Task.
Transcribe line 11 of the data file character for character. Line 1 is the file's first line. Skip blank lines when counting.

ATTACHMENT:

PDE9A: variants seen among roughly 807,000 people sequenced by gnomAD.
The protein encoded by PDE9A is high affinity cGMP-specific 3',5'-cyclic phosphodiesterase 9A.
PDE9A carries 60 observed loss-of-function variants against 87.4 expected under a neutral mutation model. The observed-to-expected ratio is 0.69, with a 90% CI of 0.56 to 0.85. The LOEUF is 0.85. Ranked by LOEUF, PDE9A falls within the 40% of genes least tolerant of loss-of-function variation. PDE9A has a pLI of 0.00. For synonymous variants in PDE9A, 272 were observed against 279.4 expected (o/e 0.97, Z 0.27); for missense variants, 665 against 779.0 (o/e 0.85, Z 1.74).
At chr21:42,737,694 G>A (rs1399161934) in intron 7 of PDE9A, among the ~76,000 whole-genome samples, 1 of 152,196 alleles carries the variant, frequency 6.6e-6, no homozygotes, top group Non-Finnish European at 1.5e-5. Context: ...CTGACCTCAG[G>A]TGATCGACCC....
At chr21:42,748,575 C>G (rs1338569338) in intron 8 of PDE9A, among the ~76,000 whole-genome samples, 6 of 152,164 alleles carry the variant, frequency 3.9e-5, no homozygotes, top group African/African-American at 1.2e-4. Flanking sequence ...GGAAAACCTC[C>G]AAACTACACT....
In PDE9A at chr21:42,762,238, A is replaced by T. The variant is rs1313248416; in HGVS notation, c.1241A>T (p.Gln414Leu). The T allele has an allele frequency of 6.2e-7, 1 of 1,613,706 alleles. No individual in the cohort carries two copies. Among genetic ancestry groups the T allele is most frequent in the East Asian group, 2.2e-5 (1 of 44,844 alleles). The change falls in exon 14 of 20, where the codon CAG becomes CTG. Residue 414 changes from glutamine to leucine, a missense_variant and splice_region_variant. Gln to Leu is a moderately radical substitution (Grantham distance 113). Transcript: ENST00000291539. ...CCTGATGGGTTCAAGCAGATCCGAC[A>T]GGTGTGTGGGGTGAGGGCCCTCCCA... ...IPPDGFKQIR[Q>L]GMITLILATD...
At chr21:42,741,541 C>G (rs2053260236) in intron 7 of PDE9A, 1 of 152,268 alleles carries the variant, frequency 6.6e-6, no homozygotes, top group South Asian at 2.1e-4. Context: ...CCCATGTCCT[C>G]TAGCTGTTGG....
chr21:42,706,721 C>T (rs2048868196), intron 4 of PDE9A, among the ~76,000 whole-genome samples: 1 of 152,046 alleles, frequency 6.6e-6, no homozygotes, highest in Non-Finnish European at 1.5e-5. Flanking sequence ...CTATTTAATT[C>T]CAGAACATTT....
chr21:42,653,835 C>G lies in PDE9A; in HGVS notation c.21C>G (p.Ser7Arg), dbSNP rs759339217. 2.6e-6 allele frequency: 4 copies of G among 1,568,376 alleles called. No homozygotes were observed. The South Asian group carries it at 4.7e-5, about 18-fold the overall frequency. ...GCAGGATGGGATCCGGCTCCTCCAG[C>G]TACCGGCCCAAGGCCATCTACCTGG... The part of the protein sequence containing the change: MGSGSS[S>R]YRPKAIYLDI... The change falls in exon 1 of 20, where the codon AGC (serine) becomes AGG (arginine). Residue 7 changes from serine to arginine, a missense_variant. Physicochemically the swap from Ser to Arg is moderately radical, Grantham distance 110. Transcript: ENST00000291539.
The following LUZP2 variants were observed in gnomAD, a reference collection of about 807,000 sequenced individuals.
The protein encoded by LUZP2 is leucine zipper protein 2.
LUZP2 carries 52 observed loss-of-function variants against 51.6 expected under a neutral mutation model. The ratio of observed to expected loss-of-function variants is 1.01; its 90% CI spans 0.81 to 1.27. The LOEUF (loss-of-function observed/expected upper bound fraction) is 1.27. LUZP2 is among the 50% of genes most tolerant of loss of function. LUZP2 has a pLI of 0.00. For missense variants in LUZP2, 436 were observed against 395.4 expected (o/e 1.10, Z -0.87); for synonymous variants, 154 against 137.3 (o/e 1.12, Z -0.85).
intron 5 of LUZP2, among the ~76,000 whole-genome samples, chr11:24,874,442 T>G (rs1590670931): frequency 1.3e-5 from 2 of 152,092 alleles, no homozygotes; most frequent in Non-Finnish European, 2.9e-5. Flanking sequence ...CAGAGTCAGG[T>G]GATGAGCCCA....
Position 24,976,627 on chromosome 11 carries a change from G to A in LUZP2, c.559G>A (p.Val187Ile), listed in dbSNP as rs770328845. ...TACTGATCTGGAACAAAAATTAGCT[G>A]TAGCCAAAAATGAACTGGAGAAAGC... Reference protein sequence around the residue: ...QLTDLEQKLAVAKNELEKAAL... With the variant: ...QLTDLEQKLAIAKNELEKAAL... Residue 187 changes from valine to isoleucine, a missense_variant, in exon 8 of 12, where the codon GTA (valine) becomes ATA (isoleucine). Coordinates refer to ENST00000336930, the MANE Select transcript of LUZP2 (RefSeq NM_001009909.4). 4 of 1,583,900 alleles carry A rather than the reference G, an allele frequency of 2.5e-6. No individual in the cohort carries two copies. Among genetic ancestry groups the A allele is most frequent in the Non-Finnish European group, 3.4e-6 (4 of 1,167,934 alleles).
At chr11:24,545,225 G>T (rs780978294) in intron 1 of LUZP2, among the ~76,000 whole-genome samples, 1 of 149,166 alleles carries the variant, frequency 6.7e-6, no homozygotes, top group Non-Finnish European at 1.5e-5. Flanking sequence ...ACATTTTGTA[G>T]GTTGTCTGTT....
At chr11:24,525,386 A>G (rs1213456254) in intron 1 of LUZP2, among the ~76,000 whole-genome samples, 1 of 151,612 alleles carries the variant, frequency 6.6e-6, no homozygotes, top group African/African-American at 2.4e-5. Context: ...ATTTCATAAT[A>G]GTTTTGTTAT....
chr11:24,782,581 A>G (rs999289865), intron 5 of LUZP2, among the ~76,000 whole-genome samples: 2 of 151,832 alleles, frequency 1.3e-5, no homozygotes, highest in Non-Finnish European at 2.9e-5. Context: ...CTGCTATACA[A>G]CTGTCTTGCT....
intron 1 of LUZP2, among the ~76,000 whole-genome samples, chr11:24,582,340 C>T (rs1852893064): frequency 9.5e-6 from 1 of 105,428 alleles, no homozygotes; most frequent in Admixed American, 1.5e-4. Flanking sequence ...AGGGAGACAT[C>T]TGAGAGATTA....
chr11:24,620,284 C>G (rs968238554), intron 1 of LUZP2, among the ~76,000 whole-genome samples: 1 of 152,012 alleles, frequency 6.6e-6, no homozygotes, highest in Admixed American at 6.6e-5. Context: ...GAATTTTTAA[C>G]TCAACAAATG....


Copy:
The protein encoded by LUZP2 is leucine zipper protein 2.